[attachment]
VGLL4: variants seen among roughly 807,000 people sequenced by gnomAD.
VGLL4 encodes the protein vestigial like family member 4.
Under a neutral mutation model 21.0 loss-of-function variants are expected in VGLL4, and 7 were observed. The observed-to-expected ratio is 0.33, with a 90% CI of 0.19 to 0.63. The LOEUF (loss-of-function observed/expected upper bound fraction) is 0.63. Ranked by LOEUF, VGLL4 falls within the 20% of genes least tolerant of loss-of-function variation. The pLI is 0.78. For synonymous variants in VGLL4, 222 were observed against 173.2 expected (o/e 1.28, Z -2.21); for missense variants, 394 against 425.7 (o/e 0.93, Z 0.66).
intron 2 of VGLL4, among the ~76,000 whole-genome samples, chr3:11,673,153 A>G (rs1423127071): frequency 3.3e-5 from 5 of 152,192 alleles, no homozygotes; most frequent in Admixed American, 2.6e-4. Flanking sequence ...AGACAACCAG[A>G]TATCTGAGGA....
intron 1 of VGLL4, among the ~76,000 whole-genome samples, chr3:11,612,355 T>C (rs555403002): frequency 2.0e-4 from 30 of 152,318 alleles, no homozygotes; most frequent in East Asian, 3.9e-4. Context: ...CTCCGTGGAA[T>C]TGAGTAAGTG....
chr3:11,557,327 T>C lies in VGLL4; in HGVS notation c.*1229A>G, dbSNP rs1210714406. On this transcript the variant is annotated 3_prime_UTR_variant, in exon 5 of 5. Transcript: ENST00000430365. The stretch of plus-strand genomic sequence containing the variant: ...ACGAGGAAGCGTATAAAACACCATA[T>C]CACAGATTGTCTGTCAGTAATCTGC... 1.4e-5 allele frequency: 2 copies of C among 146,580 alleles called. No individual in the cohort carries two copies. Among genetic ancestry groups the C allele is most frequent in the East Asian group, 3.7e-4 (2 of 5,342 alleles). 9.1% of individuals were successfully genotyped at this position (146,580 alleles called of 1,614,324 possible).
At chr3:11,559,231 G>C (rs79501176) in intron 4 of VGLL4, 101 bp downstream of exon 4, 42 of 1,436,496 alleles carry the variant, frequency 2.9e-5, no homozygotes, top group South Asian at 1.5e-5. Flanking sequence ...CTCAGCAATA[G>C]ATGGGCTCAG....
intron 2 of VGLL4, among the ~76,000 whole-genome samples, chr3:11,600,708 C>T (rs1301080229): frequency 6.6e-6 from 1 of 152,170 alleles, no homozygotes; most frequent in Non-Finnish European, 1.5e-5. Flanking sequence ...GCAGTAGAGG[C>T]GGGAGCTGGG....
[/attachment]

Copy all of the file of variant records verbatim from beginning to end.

VGLL4: variants seen among roughly 807,000 people sequenced by gnomAD.
VGLL4 encodes the protein vestigial like family member 4.
Under a neutral mutation model 21.0 loss-of-function variants are expected in VGLL4, and 7 were observed. The observed-to-expected ratio is 0.33, with a 90% CI of 0.19 to 0.63. The LOEUF (loss-of-function observed/expected upper bound fraction) is 0.63. Ranked by LOEUF, VGLL4 falls within the 20% of genes least tolerant of loss-of-function variation. The pLI is 0.78. For synonymous variants in VGLL4, 222 were observed against 173.2 expected (o/e 1.28, Z -2.21); for missense variants, 394 against 425.7 (o/e 0.93, Z 0.66).
intron 2 of VGLL4, among the ~76,000 whole-genome samples, chr3:11,673,153 A>G (rs1423127071): frequency 3.3e-5 from 5 of 152,192 alleles, no homozygotes; most frequent in Admixed American, 2.6e-4. Flanking sequence ...AGACAACCAG[A>G]TATCTGAGGA....
intron 1 of VGLL4, among the ~76,000 whole-genome samples, chr3:11,612,355 T>C (rs555403002): frequency 2.0e-4 from 30 of 152,318 alleles, no homozygotes; most frequent in East Asian, 3.9e-4. Context: ...CTCCGTGGAA[T>C]TGAGTAAGTG....
chr3:11,557,327 T>C lies in VGLL4; in HGVS notation c.*1229A>G, dbSNP rs1210714406. On this transcript the variant is annotated 3_prime_UTR_variant, in exon 5 of 5. Transcript: ENST00000430365. The stretch of plus-strand genomic sequence containing the variant: ...ACGAGGAAGCGTATAAAACACCATA[T>C]CACAGATTGTCTGTCAGTAATCTGC... 1.4e-5 allele frequency: 2 copies of C among 146,580 alleles called. No individual in the cohort carries two copies. Among genetic ancestry groups the C allele is most frequent in the East Asian group, 3.7e-4 (2 of 5,342 alleles). 9.1% of individuals were successfully genotyped at this position (146,580 alleles called of 1,614,324 possible).
At chr3:11,559,231 G>C (rs79501176) in intron 4 of VGLL4, 101 bp downstream of exon 4, 42 of 1,436,496 alleles carry the variant, frequency 2.9e-5, no homozygotes, top group South Asian at 1.5e-5. Flanking sequence ...CTCAGCAATA[G>C]ATGGGCTCAG....
intron 2 of VGLL4, among the ~76,000 whole-genome samples, chr3:11,600,708 C>T (rs1301080229): frequency 6.6e-6 from 1 of 152,170 alleles, no homozygotes; most frequent in Non-Finnish European, 1.5e-5. Flanking sequence ...GCAGTAGAGG[C>T]GGGAGCTGGG....